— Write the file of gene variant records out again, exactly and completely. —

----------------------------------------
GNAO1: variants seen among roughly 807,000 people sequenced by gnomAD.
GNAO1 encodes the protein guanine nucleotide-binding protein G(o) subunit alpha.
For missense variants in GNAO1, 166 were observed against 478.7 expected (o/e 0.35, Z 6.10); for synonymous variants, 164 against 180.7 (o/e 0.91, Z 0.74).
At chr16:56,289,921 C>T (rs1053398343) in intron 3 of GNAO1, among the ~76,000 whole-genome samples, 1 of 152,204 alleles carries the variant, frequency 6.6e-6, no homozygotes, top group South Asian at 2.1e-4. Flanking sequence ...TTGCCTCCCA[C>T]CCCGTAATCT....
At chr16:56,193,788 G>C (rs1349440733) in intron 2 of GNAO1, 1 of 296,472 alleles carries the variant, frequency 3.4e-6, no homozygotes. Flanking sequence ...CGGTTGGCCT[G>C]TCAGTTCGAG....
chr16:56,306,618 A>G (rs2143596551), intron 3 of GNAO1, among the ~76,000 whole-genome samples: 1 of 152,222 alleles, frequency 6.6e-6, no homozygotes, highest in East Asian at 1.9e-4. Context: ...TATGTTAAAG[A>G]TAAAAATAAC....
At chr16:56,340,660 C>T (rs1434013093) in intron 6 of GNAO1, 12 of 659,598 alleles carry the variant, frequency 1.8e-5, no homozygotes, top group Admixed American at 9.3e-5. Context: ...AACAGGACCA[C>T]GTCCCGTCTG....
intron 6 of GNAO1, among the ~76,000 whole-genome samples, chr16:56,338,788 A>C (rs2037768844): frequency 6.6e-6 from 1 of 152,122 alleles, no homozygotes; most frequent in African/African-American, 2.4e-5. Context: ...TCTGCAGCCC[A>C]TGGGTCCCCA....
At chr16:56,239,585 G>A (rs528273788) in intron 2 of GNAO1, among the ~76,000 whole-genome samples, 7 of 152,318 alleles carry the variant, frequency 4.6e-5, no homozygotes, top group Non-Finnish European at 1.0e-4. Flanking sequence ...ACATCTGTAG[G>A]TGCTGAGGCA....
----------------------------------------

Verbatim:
GNAO1: variants seen among roughly 807,000 people sequenced by gnomAD.
GNAO1 encodes the protein guanine nucleotide-binding protein G(o) subunit alpha.
For missense variants in GNAO1, 166 were observed against 478.7 expected (o/e 0.35, Z 6.10); for synonymous variants, 164 against 180.7 (o/e 0.91, Z 0.74).
At chr16:56,289,921 C>T (rs1053398343) in intron 3 of GNAO1, among the ~76,000 whole-genome samples, 1 of 152,204 alleles carries the variant, frequency 6.6e-6, no homozygotes, top group South Asian at 2.1e-4. Flanking sequence ...TTGCCTCCCA[C>T]CCCGTAATCT....
At chr16:56,193,788 G>C (rs1349440733) in intron 2 of GNAO1, 1 of 296,472 alleles carries the variant, frequency 3.4e-6, no homozygotes. Flanking sequence ...CGGTTGGCCT[G>C]TCAGTTCGAG....
chr16:56,306,618 A>G (rs2143596551), intron 3 of GNAO1, among the ~76,000 whole-genome samples: 1 of 152,222 alleles, frequency 6.6e-6, no homozygotes, highest in East Asian at 1.9e-4. Context: ...TATGTTAAAG[A>G]TAAAAATAAC....
At chr16:56,340,660 C>T (rs1434013093) in intron 6 of GNAO1, 12 of 659,598 alleles carry the variant, frequency 1.8e-5, no homozygotes, top group Admixed American at 9.3e-5. Context: ...AACAGGACCA[C>T]GTCCCGTCTG....
intron 6 of GNAO1, among the ~76,000 whole-genome samples, chr16:56,338,788 A>C (rs2037768844): frequency 6.6e-6 from 1 of 152,122 alleles, no homozygotes; most frequent in African/African-American, 2.4e-5. Context: ...TCTGCAGCCC[A>C]TGGGTCCCCA....
At chr16:56,239,585 G>A (rs528273788) in intron 2 of GNAO1, among the ~76,000 whole-genome samples, 7 of 152,318 alleles carry the variant, frequency 4.6e-5, no homozygotes, top group Non-Finnish European at 1.0e-4. Flanking sequence ...ACATCTGTAG[G>A]TGCTGAGGCA....